Lending Expertise to Unconventionals
The Bureau of Economic Geology has supported the energy industry with a wide range of research for decades. So, it was only natural that when the “shale revolution” spread to source-rock basins across the country, the Bureau responded to the new technology and new scientific questions of operators by bringing together multidisciplinary teams to research the quandaries and the potential of these unconventional reservoirs.
Respected and often-cited Bureau studies have used an integrated approach when looking at the production and reserve capacity of four of the largest shale-gas basins and two of the largest shale-oil basins in the U.S. Such an approach brings together geologic analysis, well-decline analysis, recovery and productivity statistical analysis, and well economics to project production outlooks using a multiscenario model. New data builds evolving 3D models of select basins.
In 2017, the shale study team focused on extensive research within the Tight Oil Resource Assessment (TORA) consortium, assessing the production and reserve capacity of the complex multilayered and heterogeneous tight formations of the Permian Basin. 2017 also saw the launch of the 3D Resource Reserve and Production (3DRP) consortium, an initiative set up to keep the orig-inal integrated, granular shale-basin studies continually updated.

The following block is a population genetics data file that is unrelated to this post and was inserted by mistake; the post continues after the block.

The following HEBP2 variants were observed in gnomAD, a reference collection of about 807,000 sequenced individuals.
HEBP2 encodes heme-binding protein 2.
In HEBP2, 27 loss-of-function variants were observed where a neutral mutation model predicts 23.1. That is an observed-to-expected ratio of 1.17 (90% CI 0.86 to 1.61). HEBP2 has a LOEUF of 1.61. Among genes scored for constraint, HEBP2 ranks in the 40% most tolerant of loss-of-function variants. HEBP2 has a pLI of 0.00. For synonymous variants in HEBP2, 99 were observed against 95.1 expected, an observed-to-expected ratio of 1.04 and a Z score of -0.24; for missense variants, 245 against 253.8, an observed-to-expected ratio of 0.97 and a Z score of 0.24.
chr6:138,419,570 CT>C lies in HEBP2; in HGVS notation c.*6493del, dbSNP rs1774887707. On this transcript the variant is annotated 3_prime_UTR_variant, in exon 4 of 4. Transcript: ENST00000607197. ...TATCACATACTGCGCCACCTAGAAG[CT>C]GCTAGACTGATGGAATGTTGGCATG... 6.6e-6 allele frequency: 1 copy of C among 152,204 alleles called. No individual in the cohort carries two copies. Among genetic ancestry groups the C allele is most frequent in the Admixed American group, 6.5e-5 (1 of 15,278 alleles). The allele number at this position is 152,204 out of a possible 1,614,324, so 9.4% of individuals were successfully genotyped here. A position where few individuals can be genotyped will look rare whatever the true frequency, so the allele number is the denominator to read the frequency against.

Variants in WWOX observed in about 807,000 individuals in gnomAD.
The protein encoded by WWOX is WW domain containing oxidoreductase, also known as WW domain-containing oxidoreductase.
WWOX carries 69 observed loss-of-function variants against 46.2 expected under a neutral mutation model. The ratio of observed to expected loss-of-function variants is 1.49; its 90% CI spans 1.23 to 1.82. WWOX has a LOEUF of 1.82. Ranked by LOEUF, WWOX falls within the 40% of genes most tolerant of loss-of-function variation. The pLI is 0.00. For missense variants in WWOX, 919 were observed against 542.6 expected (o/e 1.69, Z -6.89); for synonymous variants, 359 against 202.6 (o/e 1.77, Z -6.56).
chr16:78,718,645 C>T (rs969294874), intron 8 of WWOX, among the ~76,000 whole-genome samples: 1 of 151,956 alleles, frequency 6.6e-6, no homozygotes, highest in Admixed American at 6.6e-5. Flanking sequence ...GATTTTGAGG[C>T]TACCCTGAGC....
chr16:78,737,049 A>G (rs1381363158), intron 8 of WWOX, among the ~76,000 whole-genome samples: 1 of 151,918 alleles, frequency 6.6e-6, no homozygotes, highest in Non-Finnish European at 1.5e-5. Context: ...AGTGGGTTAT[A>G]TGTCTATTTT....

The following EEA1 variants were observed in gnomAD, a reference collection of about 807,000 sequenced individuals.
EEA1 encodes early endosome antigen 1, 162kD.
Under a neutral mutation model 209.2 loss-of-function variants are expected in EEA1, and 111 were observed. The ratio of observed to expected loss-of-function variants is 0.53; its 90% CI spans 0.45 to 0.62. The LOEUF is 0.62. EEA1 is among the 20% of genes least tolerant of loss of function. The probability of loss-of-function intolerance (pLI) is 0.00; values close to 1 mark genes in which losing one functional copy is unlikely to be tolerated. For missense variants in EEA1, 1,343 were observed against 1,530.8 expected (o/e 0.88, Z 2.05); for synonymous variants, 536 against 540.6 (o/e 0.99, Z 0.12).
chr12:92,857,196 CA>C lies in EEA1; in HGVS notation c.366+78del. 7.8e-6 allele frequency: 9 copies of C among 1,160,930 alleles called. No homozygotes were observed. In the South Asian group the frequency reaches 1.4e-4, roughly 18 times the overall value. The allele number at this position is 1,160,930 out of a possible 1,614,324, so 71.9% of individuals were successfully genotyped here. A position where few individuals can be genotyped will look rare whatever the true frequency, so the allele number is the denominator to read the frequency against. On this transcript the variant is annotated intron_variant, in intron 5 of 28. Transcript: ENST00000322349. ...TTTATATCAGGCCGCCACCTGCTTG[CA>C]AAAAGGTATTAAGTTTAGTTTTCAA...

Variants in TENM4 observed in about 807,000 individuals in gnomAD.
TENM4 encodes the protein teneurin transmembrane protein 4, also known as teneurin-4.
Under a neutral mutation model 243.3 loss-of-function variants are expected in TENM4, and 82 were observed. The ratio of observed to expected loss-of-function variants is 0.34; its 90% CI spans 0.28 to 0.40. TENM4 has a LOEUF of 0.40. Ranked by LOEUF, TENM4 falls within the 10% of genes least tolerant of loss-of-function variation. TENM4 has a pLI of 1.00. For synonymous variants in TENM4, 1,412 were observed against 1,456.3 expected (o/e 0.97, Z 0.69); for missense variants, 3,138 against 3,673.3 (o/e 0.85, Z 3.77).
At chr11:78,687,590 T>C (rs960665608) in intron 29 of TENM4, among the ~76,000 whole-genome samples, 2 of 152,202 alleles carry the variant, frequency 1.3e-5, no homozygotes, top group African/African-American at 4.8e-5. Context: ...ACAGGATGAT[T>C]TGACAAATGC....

Many long-running research initiatives of the Bureau have uniquely experienced researchers who share information and answer questions about unconventional reservoirs. Among these is the Mudrock Systems Research Laboratory (MSRL), which conducts integrated, multiscale, and multidisciplinary research in mudrock systems, Fracture Research and Application Consortium (FRAC), which studies natural and hydraulic fractures in unconventional reservoirs, State of Texas Advanced Resource Recovery (STARR), which conducts regional and field-specific studies including unconventionals, and the Reservoir Characterization Research Laboratory (RCRL), which uses outcrop and subsurface geologic and petrophysical data from carbonate reservoir strata for developing new and integrated methodologies for better understanding and describing the 3D reservoir environment.
Shell–UT Unconventional Research (SUTUR) is a strategic collaboration to improve the efficiency, effectiveness, and sustainability of the exploration, development, and production of unconventional oil and gas resources through applied research. The collaborative effort brings together researchers from the Bureau of Economic Geology and Department of Geological Sciences at the Jackson School of Geosciences, from UT’s Center for Petroleum and Geosystems Engineering (CPGE) at the Cockrell School of Engineering, and from Shell R&D teams to address critical problems in unconventional oil and gas. SUTUR II, which commenced in 2016, is an integrated study of the geologic origin of water produced from the oil-bearing shales of the Delaware Basin in West Texas.
For more information about the Bureau’s extensive capabilities in unconventional reservoirs research and how you can benefit from them, please contact Associate Director for Energy Research Mark Shuster.